Shipman describes the low risk route as “basically avoiding any topic that might be controversial.”
Following low risk protocols means avoiding topics about sex, gender, race, ethnicity, sexuality or anything else that could be seen as “woke indoctrination.”
For Shipman, following protocols has been easy. In their Chemistry and Environmental Science courses, they said “there’s been no change as a result.”
“[But] in courses that are kind of intrinsically more connected to studying race, to studying dynamics in American society, like Sociology—I think it’s a much harder thing to grapple with,” Shipman said.
The reasonable (or medium) risk route is “in most cases, doing what you’ve already done,” Shipman explained, but that professors also need to emphasize transparency in order to avoid “endorsing” certain topics.
“And then, of course, the high risk route is being provocative, which, you know, if you think you would make a good test case, go for it,” Shipman said. “That’s not where I am right now. And I don’t think that’s where most of our faculty are.”
After the UFF distributed their guidance, more state college institutions released their own guidance—including FIU, FSU, UCF and UF—which ultimately was distributed to NCF faculty to help inform their decisions as well.
Former General Counsel David Fugett also met with faculty and staff to explain the law and answer faculty members’ questions on how they should teach under the new circumstances.
After a variety of guidance from different institutions and experts, it became up to the professors how they would proceed.
Associate Professor of Sociology and Theater, Dance and Performance Studies (TDPS) Queen Zabriskie explained that when she read over the guidance, she didn’t feel the bill actually applied to what she taught.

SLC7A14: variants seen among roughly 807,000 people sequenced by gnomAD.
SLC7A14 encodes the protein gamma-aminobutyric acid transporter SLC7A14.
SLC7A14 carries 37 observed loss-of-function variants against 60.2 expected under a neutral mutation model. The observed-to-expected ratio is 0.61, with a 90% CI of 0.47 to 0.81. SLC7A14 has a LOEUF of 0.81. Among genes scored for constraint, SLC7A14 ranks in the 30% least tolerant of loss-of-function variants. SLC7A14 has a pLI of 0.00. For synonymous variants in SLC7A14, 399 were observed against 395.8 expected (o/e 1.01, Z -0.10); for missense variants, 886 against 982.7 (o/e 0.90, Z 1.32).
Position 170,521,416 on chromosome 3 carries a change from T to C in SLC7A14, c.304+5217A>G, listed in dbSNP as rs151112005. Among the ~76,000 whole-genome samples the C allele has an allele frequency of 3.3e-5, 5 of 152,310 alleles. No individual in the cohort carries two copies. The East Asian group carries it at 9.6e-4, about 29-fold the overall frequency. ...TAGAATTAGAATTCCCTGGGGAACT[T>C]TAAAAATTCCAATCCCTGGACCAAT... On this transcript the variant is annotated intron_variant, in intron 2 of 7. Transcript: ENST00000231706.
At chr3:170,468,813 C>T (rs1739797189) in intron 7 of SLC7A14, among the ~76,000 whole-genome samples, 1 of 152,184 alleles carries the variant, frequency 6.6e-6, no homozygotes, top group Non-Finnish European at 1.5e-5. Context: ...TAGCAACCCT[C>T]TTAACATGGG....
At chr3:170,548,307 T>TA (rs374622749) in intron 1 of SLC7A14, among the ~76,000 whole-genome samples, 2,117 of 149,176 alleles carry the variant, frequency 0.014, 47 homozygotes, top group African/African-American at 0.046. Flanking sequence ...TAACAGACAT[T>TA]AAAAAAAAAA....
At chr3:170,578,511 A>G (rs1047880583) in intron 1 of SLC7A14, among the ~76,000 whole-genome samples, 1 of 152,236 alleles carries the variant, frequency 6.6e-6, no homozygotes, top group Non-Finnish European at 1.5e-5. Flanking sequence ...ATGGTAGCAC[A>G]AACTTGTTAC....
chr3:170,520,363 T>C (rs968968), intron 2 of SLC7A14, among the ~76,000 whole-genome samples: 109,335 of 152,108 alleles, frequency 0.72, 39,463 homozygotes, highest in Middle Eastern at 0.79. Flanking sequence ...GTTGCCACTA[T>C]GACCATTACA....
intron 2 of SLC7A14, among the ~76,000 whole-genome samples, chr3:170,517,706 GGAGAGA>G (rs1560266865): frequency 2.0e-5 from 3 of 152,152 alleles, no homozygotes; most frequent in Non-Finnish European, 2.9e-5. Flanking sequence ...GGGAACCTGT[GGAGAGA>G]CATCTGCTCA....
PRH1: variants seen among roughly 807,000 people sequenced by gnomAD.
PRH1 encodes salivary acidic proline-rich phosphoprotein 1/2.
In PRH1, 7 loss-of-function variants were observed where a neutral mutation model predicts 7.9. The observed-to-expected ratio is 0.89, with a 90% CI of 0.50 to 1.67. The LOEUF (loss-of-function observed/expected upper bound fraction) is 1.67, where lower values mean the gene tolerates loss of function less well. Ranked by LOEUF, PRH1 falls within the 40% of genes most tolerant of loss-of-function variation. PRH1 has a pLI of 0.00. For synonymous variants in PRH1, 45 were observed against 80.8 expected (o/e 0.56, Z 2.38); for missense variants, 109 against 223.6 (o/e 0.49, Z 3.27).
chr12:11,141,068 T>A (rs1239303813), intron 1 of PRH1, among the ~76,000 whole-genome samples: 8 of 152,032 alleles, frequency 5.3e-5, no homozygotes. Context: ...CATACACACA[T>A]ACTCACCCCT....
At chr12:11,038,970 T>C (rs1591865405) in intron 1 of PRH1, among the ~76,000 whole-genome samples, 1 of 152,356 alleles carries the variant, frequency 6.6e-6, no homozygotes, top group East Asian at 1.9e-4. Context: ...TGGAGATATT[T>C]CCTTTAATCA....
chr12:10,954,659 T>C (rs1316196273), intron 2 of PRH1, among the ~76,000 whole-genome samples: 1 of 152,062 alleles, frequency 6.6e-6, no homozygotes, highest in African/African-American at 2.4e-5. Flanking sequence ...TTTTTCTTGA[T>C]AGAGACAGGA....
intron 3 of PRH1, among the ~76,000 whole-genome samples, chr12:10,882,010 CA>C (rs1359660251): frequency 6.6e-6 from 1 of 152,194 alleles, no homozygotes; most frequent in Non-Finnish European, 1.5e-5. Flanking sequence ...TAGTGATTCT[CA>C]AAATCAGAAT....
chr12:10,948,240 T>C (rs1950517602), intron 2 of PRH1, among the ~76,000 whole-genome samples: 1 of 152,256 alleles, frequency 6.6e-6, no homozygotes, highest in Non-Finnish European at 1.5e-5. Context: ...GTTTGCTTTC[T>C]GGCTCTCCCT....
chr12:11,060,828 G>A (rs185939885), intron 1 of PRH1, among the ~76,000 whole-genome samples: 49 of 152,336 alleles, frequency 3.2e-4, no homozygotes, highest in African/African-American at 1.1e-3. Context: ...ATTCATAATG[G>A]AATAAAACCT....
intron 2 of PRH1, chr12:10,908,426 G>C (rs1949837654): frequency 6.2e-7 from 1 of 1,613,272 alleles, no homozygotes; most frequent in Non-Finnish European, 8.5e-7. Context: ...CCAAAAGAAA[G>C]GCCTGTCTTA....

“So for example, I don’t teach that members of one race or color, national origin or sex are morally superior,” Zabriskie emphasized. “Drawing on the work of a number of different scholars, like Patricia Hill Collins, I teach about the social construction of race and how racism intersects with other systems of oppression to impact us all in complex ways.”
One of Zabriskie’s classes this semester is Intersectionality, which focuses on the complex ways different social identities—like gender and race—intersect and interact with the cultural context a person may exist in.
“How do you have conversations about tense and difficult topics in a way that makes everyone feel included in the classroom, and that makes everyone feel like they have something that they can contribute?” Zabriskie asked about her Intersectionality course. “That was the challenge before this bill, and HB 7 makes this a more difficult task.”
Zabriskie explained that in that class particularly, it has been important to set class agreements and expectations around dignity.
“In this class, everybody has equal and inherent worth, because we are human beings,” she continued. “This definition of dignity comes from a book titled, ‘Belonging through a Culture of Dignity: The Keys to Successful Equity Implementation,’ which I learned about from other local educators navigating this new legal landscape. It was so important to make sure I stated this explicitly, even though this is an assumption that I’ve operated with previously, in order to make sure I am able to create an inclusive and equitable classroom in this new legal context.”